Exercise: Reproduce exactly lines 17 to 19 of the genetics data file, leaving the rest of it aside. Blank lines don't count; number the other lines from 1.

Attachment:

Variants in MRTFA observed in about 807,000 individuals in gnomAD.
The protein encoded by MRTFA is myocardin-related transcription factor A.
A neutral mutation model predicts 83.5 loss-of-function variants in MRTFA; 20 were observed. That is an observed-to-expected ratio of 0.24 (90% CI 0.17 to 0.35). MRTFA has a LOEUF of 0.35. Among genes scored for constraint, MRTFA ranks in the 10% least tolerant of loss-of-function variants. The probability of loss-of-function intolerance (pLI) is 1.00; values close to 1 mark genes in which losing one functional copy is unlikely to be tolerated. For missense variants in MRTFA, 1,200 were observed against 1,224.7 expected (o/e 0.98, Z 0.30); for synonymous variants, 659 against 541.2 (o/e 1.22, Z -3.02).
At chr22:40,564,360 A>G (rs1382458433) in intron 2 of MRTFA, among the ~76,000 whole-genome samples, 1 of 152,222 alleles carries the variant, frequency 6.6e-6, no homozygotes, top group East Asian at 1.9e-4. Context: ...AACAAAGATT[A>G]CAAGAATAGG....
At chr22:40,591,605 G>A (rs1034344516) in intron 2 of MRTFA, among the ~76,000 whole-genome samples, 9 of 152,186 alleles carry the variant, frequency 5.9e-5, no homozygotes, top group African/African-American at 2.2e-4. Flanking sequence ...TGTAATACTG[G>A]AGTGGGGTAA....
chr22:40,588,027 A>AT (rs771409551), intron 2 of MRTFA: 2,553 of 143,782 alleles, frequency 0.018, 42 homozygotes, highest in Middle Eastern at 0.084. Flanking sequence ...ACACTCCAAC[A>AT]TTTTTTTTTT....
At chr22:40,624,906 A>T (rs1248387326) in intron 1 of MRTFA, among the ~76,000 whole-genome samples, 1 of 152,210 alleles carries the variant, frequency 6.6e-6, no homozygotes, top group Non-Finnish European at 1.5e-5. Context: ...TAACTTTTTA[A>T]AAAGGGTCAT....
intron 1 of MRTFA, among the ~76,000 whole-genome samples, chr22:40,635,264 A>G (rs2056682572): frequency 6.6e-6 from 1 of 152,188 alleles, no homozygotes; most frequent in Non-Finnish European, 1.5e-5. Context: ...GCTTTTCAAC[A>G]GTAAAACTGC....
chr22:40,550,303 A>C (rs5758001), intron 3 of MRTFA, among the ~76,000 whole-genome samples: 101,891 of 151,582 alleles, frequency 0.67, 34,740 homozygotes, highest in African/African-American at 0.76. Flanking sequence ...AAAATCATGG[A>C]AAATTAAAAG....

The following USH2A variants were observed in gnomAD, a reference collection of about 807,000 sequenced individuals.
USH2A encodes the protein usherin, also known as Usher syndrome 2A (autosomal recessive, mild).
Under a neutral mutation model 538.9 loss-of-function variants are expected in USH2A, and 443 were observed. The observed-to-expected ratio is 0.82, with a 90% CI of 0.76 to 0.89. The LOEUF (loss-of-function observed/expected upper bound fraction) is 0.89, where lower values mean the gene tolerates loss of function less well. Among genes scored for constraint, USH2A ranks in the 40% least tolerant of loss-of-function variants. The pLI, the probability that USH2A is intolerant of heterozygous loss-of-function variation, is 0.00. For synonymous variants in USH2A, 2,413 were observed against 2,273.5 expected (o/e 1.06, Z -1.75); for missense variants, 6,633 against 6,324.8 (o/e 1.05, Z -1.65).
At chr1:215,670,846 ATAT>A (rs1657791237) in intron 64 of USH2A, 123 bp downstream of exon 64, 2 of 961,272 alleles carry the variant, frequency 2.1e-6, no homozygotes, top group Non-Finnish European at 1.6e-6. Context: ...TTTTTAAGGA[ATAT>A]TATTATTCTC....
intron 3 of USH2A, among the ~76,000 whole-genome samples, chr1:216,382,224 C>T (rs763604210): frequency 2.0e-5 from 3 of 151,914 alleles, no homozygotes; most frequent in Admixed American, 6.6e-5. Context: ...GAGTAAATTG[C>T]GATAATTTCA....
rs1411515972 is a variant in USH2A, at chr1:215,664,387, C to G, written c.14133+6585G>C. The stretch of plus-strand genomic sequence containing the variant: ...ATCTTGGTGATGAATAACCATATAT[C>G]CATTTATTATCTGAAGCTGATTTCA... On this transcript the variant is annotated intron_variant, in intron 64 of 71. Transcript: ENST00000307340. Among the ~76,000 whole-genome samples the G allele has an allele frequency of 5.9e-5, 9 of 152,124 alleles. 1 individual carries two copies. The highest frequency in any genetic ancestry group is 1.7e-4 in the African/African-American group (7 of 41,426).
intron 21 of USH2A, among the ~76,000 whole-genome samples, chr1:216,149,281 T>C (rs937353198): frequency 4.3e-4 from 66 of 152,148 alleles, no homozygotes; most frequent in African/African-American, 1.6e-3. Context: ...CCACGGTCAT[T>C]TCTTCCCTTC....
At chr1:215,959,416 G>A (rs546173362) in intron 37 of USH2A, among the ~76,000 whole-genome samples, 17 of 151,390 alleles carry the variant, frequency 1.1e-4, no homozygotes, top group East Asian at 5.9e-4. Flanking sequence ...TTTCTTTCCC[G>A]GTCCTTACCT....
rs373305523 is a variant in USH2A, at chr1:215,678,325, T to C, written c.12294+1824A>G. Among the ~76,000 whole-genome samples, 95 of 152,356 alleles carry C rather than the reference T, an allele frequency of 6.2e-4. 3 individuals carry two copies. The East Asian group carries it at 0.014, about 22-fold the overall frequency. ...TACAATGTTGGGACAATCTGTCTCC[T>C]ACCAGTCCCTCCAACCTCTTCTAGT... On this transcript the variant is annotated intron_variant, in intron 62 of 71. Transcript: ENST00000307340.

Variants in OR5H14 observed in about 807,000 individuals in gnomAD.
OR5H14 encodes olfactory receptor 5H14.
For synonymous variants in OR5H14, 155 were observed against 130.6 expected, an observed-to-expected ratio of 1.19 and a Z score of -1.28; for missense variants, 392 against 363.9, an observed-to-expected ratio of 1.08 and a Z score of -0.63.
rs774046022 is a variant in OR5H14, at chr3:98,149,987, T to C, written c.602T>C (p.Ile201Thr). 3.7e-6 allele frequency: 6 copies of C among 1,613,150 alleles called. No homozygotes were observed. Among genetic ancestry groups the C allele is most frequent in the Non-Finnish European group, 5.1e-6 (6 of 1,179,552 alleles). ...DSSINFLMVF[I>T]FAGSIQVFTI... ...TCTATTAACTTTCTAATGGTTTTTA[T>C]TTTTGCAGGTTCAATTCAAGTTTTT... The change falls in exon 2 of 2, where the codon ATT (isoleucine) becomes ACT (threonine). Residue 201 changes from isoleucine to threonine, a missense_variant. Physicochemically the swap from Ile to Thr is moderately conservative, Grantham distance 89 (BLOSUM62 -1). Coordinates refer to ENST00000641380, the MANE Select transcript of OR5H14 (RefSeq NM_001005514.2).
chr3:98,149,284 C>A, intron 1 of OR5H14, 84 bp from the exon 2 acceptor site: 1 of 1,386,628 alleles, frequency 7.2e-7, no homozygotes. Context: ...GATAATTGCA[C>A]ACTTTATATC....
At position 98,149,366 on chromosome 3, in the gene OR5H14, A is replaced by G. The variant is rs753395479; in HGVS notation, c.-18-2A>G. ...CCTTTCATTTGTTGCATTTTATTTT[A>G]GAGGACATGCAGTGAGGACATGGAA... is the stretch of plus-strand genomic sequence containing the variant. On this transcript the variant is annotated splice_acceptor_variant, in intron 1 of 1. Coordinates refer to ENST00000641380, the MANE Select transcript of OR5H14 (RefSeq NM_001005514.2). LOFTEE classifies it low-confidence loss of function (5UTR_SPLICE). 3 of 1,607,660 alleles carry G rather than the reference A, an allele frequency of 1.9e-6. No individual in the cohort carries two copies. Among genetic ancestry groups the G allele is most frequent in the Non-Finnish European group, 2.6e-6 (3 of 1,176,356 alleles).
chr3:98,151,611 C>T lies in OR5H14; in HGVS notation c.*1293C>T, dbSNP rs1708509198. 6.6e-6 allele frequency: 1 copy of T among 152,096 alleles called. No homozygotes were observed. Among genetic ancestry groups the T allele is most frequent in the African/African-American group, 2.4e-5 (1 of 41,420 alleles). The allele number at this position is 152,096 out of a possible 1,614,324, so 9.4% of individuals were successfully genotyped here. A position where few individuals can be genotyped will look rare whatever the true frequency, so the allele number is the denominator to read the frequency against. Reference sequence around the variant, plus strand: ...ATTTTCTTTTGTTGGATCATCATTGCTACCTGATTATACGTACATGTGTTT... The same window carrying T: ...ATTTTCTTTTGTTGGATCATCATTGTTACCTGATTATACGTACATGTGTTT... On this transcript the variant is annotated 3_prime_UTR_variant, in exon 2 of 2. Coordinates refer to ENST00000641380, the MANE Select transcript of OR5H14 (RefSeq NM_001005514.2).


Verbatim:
At chr1:215,959,416 G>A (rs546173362) in intron 37 of USH2A, among the ~76,000 whole-genome samples, 17 of 151,390 alleles carry the variant, frequency 1.1e-4, no homozygotes, top group East Asian at 5.9e-4. Flanking sequence ...TTTCTTTCCC[G>A]GTCCTTACCT....
rs373305523 is a variant in USH2A, at chr1:215,678,325, T to C, written c.12294+1824A>G. Among the ~76,000 whole-genome samples, 95 of 152,356 alleles carry C rather than the reference T, an allele frequency of 6.2e-4. 3 individuals carry two copies. The East Asian group carries it at 0.014, about 22-fold the overall frequency. ...TACAATGTTGGGACAATCTGTCTCC[T>C]ACCAGTCCCTCCAACCTCTTCTAGT... On this transcript the variant is annotated intron_variant, in intron 62 of 71. Transcript: ENST00000307340.

Variants in OR5H14 observed in about 807,000 individuals in gnomAD.